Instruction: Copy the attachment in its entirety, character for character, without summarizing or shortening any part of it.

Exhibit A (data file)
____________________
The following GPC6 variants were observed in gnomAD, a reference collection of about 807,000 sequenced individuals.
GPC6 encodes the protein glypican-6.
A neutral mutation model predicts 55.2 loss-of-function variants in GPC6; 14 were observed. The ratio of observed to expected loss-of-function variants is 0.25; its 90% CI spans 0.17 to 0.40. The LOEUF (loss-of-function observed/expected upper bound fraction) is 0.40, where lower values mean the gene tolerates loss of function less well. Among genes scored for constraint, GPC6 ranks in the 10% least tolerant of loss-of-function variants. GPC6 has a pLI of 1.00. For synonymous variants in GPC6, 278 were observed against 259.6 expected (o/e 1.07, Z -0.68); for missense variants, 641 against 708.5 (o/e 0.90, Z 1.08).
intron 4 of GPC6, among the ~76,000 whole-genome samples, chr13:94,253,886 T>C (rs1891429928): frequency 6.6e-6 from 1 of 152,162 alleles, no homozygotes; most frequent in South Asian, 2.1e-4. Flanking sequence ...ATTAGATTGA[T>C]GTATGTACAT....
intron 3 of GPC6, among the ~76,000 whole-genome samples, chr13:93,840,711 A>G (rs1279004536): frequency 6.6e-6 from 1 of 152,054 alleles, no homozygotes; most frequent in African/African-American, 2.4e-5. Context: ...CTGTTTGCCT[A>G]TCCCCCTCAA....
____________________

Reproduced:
The following GPC6 variants were observed in gnomAD, a reference collection of about 807,000 sequenced individuals.
GPC6 encodes the protein glypican-6.
A neutral mutation model predicts 55.2 loss-of-function variants in GPC6; 14 were observed. The ratio of observed to expected loss-of-function variants is 0.25; its 90% CI spans 0.17 to 0.40. The LOEUF (loss-of-function observed/expected upper bound fraction) is 0.40, where lower values mean the gene tolerates loss of function less well. Among genes scored for constraint, GPC6 ranks in the 10% least tolerant of loss-of-function variants. GPC6 has a pLI of 1.00. For synonymous variants in GPC6, 278 were observed against 259.6 expected (o/e 1.07, Z -0.68); for missense variants, 641 against 708.5 (o/e 0.90, Z 1.08).
intron 4 of GPC6, among the ~76,000 whole-genome samples, chr13:94,253,886 T>C (rs1891429928): frequency 6.6e-6 from 1 of 152,162 alleles, no homozygotes; most frequent in South Asian, 2.1e-4. Flanking sequence ...ATTAGATTGA[T>C]GTATGTACAT....
intron 3 of GPC6, among the ~76,000 whole-genome samples, chr13:93,840,711 A>G (rs1279004536): frequency 6.6e-6 from 1 of 152,054 alleles, no homozygotes; most frequent in African/African-American, 2.4e-5. Context: ...CTGTTTGCCT[A>G]TCCCCCTCAA....